Two days ago, the inner tube of the back bike tire completely blew out when I was on my way to the trail.
I bought a replacement this morning. Hopefully I will be back biking tomorrow. But for now, here's what happened on one of the days during my field season.
While walking back home with the broken bike, I manged to get a few photos of a bumblebee visiting someone's Moonflowers.
On June 23, 2012, I had the rare opportunity to travel to the northernmost point of mainland Yukon called Nunaluk Spit, it is basically a gravel bar that extended along the coast and the Beaufort Sea.
On the spit is a cabin built by the descendants of the famous Arctic explorer, Vilhjalmur Stefansson.
Despite being on a gravel bar, it actually supported a fairly healthy diversity of plants and some flower flies (Syrphidae), especially around the cabins where soil exists. This is a Pallas' Wallflower (Erysimum pallasii).
I also saw these Silene sp. at Nunaluk. I think it may be Silene repens (Arctic Catchfly), but a friend thinks it may be S. uralensis (Bladder campion), which has purple flowers. Without any flowers present, this plant may remain a mystery.
One of the most amazing sights from the trip was seeing eiders, a bird species that I thought I would never see in my life. We saw both Common Eiders and King Eiders (Somateria spectabilis - photographed above), but this was the only decent photo I got.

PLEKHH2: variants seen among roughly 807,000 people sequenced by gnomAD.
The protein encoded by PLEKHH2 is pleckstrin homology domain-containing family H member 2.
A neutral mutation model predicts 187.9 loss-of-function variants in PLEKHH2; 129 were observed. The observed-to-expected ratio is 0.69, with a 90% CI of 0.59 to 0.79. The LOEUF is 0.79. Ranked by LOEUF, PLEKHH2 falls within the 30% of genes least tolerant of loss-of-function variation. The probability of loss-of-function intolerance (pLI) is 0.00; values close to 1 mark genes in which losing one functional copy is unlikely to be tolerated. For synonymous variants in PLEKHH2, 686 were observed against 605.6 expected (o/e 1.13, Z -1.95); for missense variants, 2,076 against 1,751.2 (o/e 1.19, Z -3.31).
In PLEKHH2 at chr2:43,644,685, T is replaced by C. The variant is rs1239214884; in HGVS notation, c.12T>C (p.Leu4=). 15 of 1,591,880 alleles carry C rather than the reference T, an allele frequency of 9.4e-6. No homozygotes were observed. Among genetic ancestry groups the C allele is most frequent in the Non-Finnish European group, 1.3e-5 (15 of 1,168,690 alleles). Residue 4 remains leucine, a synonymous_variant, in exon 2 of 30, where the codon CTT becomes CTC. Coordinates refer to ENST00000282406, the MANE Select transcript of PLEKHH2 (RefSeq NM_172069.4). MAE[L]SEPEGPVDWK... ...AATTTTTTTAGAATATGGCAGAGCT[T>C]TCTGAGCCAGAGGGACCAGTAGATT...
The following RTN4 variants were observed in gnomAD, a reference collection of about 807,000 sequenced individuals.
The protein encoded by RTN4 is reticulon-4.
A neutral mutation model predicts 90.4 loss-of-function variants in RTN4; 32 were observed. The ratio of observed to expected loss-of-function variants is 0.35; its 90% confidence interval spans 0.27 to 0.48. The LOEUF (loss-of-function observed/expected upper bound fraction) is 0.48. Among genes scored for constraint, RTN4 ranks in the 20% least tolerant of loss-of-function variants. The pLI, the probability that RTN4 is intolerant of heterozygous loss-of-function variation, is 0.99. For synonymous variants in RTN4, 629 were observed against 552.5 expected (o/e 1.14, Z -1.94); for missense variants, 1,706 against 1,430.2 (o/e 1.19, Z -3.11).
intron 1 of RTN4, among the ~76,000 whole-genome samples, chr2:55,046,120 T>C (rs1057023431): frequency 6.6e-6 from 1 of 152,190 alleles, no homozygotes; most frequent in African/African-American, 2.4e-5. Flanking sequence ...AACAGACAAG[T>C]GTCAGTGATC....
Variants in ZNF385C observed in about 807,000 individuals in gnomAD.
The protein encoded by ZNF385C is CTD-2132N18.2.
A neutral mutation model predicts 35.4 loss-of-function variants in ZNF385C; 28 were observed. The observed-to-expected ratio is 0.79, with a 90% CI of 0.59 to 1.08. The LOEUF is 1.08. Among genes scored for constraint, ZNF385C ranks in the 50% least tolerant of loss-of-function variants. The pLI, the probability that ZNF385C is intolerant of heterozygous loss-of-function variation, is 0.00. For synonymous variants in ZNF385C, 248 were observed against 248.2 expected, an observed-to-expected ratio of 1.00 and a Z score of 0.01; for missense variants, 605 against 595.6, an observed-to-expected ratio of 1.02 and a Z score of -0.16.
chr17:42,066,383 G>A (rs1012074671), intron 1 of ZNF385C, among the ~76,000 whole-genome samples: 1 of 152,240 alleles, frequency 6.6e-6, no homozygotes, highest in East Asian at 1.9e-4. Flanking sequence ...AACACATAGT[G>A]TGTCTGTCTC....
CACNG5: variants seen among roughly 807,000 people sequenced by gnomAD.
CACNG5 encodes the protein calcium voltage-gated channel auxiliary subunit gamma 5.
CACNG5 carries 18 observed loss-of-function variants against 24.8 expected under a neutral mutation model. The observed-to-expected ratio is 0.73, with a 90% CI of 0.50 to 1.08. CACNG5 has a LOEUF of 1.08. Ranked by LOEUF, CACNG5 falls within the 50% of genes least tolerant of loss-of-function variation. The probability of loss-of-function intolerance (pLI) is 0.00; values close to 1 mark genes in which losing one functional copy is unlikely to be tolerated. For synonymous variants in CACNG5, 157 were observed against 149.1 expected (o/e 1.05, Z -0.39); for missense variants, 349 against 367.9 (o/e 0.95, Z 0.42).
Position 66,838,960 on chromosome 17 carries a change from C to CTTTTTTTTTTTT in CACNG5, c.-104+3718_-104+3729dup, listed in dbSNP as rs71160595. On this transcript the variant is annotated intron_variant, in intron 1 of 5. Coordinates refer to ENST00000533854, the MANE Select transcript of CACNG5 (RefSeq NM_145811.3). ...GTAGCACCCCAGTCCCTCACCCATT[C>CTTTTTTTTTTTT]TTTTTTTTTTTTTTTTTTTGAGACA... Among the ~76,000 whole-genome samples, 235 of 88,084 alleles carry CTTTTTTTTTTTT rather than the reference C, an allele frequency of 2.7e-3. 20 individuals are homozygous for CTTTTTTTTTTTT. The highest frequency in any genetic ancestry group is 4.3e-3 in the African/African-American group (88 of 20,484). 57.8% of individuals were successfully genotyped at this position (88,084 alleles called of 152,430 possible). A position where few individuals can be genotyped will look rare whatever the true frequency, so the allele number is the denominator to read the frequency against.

The only lone Tundra Swan (Cygnus columbianus) at Nunaluk.
On the way to Nunaluk, we saw Red-throated Loons on ponds across the tundra. Over at Nunaluk, we spotted Pacific Loons (Gavia pacifica) swimming close to the still-icy shoreline.
I picked up a new hobby of balancing rocks while in the north, here are a few rocks that I balanced.
Our main task at Nunaluk was looking for and counting the shorebirds. Pectoral Sandpiper and Semipalmated Sandpiper (Calidris pusilla - photographed above) were the only two species that we saw.
Foraging along the midge-covered shoreline.
Keeping an weary eye out on me, the strange visitor to the land.
There was a relatively large colony of Arctic Terns (Sterna paradisaea) at Nunaluk. They certainly did not like us when we were passing through the area.
What a beautiful and (understandingly) protective animal.
Despite spending only a few hours at Nunaluk Spit, it will forever be one of the most special places that I have visited ever - both from the animals and plants that I saw, as well as the strange but interesting landscape.